However, there are several holes in this argument. For one, Spain enacted a similar amnesty program for long-term illegals in 1985, and again in 2005.  Over 44,000 previously undocumented immigrants were given settlement rights in the initial program; twenty years later, the number soared to over 700,000. Although other factors play into the boom in illegal migration to Spain, the intended decline in the rate of illegal immigration simply did not happen; there is little reason to believe it would here either.


Secondly, does an amnesty really pay off for the taxpayer?  The IPPR argues that it would.  According to their research it would cost approximately £4.7 billion to deport the 500,000-plus illegal migrants in the UK.  Perhaps, but the costs associated with illegal immigration are far more complicated than the IPPR literature suggests.  The Home Office doesn’t even provide an "average cost of deportation," which one might think to be an easy figure to work out, due to the multitude of factors that weigh into each individual case.  The National Audit Office and UK Border Agency provide average cost ranges for returning failed asylum-seekers, factoring in the marital status, number of dependents, and the destination country among others, in a paper titled "Management of Asylum Applications by the UK Border Agency", but these again just make clear how difficult it is to present firm figures (such as the IPPR does).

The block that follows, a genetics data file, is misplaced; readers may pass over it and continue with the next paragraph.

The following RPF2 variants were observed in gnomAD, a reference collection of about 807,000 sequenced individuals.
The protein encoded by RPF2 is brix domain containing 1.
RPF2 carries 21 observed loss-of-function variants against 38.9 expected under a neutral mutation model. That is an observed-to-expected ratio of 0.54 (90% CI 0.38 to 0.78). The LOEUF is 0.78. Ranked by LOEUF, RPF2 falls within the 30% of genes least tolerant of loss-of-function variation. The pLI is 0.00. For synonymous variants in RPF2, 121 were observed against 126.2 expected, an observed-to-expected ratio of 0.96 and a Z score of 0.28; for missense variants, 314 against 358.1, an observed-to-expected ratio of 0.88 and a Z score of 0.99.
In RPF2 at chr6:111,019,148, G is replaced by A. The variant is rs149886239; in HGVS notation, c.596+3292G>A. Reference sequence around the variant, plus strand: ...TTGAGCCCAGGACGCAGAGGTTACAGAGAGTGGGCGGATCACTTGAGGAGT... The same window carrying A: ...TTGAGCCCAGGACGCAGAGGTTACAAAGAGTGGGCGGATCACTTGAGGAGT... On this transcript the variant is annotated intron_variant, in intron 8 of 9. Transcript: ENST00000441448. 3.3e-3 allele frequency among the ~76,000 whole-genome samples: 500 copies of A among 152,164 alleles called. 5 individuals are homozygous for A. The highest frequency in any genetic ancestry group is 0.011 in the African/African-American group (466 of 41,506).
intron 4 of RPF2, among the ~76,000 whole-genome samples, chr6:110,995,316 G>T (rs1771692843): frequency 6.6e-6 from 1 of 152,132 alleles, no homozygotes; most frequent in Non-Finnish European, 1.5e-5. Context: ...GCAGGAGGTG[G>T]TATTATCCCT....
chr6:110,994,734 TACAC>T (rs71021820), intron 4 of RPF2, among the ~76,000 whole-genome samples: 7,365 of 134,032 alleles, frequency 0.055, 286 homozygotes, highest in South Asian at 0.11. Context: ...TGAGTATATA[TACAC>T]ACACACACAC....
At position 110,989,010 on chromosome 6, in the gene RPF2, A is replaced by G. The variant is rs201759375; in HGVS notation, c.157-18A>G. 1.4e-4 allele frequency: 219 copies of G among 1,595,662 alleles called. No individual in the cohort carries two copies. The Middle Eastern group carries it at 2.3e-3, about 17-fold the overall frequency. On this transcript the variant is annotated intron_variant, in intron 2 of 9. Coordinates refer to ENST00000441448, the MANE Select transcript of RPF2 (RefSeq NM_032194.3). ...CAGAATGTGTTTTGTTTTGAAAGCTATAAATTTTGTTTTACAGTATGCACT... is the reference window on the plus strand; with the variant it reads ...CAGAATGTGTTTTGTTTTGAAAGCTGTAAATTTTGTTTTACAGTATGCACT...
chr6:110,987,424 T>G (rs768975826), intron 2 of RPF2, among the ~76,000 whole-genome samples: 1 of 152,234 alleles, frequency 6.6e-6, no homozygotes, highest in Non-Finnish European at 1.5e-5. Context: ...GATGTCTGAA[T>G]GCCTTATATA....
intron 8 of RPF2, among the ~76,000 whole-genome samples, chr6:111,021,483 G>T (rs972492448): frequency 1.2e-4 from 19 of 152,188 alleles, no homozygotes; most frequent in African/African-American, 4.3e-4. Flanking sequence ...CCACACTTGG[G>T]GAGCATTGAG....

Perhaps more importantly, the cost of allowing illegal immigrants could vastly outway the costs of deportation.  Migrationwatch estimates that, based on the average 25 year old immigrant – married with two children, working for minimum wage – that a two-child, two parent family would receive about £291,000 in total Housing Benefit and £19,000 in Council Tax Benefit over their lifetime if given legal status. In areas such as London, where there is a high concentration of immigrants, the cost of living is higher, and so the bill creeps over £1 million.  Unemployment rates among immigrant groups tend to be higher than the UK averages too, and the risk of living entirely on taxpayer-funded benefits is much greater among immigrant populations.  In the long run, the cost to the taxpayer could be far higher if the 450,000 long-term illegal immigrants are granted amnesty.